The Bears are starting McCown because he gives them the best chance to win while at the same time giving them more of a body of work to evaluate for next season.

At this point, Enderle is the obvious play for next season. And if his work ethic even late in week 17 of a lost season is any indication, he may be the best chance to win after McCown as well.

He thinks hes ready, in any case.

Jordan Howard's eye injury keeps him grounded as Bears fly to Arizona

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USA TODAY

Jordan Howard's eye injury keeps him grounded as Bears fly to Arizona

The Bears' best offensive player won't be suiting up in Saturday's preseason game. In fact, he won't even be on the sideline. 

Jordan Howard suffered an eye injury Friday, preventing him from flying with the team to Arizona. 

Although ESPN's Adam Schefter believes it's minor, that's not a good sign for an offense that relies heavily on the run game.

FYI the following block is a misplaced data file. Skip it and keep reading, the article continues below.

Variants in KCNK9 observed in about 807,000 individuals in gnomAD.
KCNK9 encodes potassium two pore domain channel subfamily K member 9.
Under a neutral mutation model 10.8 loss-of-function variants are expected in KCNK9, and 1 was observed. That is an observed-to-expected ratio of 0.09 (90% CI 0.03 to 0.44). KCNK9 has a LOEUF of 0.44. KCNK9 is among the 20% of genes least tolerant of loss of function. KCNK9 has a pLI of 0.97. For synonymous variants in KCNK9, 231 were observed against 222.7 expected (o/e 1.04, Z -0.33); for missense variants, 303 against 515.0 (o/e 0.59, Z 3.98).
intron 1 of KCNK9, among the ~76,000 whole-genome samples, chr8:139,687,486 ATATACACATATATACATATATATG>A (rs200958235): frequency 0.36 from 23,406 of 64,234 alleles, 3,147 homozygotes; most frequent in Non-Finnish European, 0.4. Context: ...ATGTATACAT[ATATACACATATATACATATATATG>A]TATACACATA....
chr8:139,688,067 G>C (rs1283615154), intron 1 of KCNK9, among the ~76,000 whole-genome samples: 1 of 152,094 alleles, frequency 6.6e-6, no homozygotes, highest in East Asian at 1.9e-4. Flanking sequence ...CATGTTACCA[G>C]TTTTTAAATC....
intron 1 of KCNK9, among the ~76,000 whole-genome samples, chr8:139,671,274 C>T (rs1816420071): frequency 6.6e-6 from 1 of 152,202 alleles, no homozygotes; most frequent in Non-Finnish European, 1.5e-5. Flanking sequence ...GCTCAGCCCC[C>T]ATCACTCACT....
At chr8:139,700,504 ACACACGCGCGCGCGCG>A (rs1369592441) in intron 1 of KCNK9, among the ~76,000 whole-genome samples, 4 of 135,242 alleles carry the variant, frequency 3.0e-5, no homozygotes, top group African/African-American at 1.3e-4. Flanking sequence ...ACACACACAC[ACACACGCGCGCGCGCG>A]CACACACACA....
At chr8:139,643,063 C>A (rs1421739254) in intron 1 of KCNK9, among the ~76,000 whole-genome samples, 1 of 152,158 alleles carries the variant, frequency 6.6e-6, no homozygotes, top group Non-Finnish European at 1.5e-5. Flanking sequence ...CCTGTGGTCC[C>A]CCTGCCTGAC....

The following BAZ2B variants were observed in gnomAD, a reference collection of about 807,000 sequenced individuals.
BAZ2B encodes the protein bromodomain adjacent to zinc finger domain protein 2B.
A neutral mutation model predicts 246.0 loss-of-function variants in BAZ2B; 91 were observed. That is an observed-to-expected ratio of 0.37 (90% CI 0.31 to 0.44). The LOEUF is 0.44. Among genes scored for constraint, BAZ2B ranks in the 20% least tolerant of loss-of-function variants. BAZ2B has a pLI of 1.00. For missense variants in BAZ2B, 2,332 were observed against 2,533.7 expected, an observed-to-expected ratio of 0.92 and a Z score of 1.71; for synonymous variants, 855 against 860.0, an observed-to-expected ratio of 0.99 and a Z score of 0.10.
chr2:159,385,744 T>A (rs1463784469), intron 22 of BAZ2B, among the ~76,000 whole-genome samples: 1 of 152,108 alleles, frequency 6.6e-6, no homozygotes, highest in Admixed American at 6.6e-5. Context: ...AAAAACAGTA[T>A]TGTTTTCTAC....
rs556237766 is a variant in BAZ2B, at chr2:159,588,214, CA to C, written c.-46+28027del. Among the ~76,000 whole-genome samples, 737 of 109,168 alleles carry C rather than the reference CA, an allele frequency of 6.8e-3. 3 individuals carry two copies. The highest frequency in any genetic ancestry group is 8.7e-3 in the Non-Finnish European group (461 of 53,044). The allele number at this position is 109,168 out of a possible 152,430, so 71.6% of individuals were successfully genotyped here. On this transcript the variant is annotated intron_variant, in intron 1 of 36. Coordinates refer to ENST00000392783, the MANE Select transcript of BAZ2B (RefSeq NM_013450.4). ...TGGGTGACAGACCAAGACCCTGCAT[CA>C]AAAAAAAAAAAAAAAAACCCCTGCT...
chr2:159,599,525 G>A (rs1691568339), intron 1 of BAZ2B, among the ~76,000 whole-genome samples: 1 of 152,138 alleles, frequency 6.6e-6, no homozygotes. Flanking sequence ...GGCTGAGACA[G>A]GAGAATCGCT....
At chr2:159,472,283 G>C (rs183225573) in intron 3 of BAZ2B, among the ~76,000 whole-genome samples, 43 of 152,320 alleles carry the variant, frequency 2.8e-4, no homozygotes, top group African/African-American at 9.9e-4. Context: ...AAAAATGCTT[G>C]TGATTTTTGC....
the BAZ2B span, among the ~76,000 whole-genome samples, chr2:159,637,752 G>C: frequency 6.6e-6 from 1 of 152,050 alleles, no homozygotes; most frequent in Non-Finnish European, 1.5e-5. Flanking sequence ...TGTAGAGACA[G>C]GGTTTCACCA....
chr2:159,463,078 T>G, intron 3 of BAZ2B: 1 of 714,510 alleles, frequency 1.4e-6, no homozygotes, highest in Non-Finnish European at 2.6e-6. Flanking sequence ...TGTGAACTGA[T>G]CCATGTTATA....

Joining Howard on the inactive list are more key offensive guys: 

- Kyle Long, OL

- Jeremy Langford, RB

- Joshua Bellamy, WR

- Markus Wheaton, WR

That means Mike Glennon, who is embroiled in a growing quarterback controversy, will have his work cut out for him. 

On the defensive side of the ball, the Bears will also be missing some notables: 

- Danny Trevathan, LB

- Mitch Unrein, DL

- Bryce Callahan, DB

- Alex Scearse, LB

- Jonathan Anderson, LB

- Kapron Lewis-Moore, DL

Hopefully Howard and the team can get healthy before the real deal begins because last year's injury-plagued season was certainly no fun. 

How Charles Leno Jr. isn't thinking about the big picture heading into a contract year

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USA Today Sports Images

How Charles Leno Jr. isn't thinking about the big picture heading into a contract year

One of John Fox’s favorite sayings is that the best ability is availability. No player exemplified that line more than left tackle Charles Leno Jr. in 2016. 

Leno played all 1,010 of the Bears’ offensive snaps last year. His effectiveness may not have matched his availability — Pro Football Focus, for what it’s worth, described Leno as being a “below average” starter. The Bears like Leno, though. But enough to give him another contract?

“He’s pretty reliable and dependable,” Fox said. “But we all have room for improvement so I think he’d tell you the same thing.”